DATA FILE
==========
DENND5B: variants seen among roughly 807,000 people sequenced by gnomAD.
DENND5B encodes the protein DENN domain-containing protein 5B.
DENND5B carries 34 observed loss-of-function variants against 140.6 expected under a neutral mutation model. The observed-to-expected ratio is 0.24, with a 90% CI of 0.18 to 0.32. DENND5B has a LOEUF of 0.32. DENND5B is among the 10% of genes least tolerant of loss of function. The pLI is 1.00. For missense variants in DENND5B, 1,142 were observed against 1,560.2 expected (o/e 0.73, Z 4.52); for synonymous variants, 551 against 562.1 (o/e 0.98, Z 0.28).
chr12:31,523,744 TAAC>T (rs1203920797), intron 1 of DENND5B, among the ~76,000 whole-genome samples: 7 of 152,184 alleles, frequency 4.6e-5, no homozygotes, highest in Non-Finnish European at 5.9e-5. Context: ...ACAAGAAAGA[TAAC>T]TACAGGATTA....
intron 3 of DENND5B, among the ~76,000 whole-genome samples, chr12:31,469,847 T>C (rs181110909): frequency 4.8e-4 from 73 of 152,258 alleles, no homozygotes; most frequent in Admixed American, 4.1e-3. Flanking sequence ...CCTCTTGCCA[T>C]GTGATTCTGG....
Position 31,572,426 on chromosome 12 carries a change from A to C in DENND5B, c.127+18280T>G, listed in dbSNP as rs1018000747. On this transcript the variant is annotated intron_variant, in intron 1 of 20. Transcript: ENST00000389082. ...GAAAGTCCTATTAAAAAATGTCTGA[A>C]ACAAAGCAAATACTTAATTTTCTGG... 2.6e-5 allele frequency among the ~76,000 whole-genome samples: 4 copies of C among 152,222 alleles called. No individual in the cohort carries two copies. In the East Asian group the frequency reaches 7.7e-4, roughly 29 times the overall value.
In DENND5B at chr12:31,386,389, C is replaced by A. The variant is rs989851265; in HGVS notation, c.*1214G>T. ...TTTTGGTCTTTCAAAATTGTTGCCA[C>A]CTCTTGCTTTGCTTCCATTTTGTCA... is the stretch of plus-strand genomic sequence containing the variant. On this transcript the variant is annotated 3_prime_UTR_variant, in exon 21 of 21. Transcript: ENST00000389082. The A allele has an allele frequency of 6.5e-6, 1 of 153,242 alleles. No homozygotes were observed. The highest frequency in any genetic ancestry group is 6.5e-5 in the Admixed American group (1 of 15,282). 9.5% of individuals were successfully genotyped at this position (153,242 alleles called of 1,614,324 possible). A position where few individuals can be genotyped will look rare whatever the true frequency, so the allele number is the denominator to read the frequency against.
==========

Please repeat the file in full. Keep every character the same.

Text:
DENND5B: variants seen among roughly 807,000 people sequenced by gnomAD.
DENND5B encodes the protein DENN domain-containing protein 5B.
DENND5B carries 34 observed loss-of-function variants against 140.6 expected under a neutral mutation model. The observed-to-expected ratio is 0.24, with a 90% CI of 0.18 to 0.32. DENND5B has a LOEUF of 0.32. DENND5B is among the 10% of genes least tolerant of loss of function. The pLI is 1.00. For missense variants in DENND5B, 1,142 were observed against 1,560.2 expected (o/e 0.73, Z 4.52); for synonymous variants, 551 against 562.1 (o/e 0.98, Z 0.28).
chr12:31,523,744 TAAC>T (rs1203920797), intron 1 of DENND5B, among the ~76,000 whole-genome samples: 7 of 152,184 alleles, frequency 4.6e-5, no homozygotes, highest in Non-Finnish European at 5.9e-5. Context: ...ACAAGAAAGA[TAAC>T]TACAGGATTA....
intron 3 of DENND5B, among the ~76,000 whole-genome samples, chr12:31,469,847 T>C (rs181110909): frequency 4.8e-4 from 73 of 152,258 alleles, no homozygotes; most frequent in Admixed American, 4.1e-3. Flanking sequence ...CCTCTTGCCA[T>C]GTGATTCTGG....
Position 31,572,426 on chromosome 12 carries a change from A to C in DENND5B, c.127+18280T>G, listed in dbSNP as rs1018000747. On this transcript the variant is annotated intron_variant, in intron 1 of 20. Transcript: ENST00000389082. ...GAAAGTCCTATTAAAAAATGTCTGA[A>C]ACAAAGCAAATACTTAATTTTCTGG... 2.6e-5 allele frequency among the ~76,000 whole-genome samples: 4 copies of C among 152,222 alleles called. No individual in the cohort carries two copies. In the East Asian group the frequency reaches 7.7e-4, roughly 29 times the overall value.
In DENND5B at chr12:31,386,389, C is replaced by A. The variant is rs989851265; in HGVS notation, c.*1214G>T. ...TTTTGGTCTTTCAAAATTGTTGCCA[C>A]CTCTTGCTTTGCTTCCATTTTGTCA... is the stretch of plus-strand genomic sequence containing the variant. On this transcript the variant is annotated 3_prime_UTR_variant, in exon 21 of 21. Transcript: ENST00000389082. The A allele has an allele frequency of 6.5e-6, 1 of 153,242 alleles. No homozygotes were observed. The highest frequency in any genetic ancestry group is 6.5e-5 in the Admixed American group (1 of 15,282). 9.5% of individuals were successfully genotyped at this position (153,242 alleles called of 1,614,324 possible). A position where few individuals can be genotyped will look rare whatever the true frequency, so the allele number is the denominator to read the frequency against.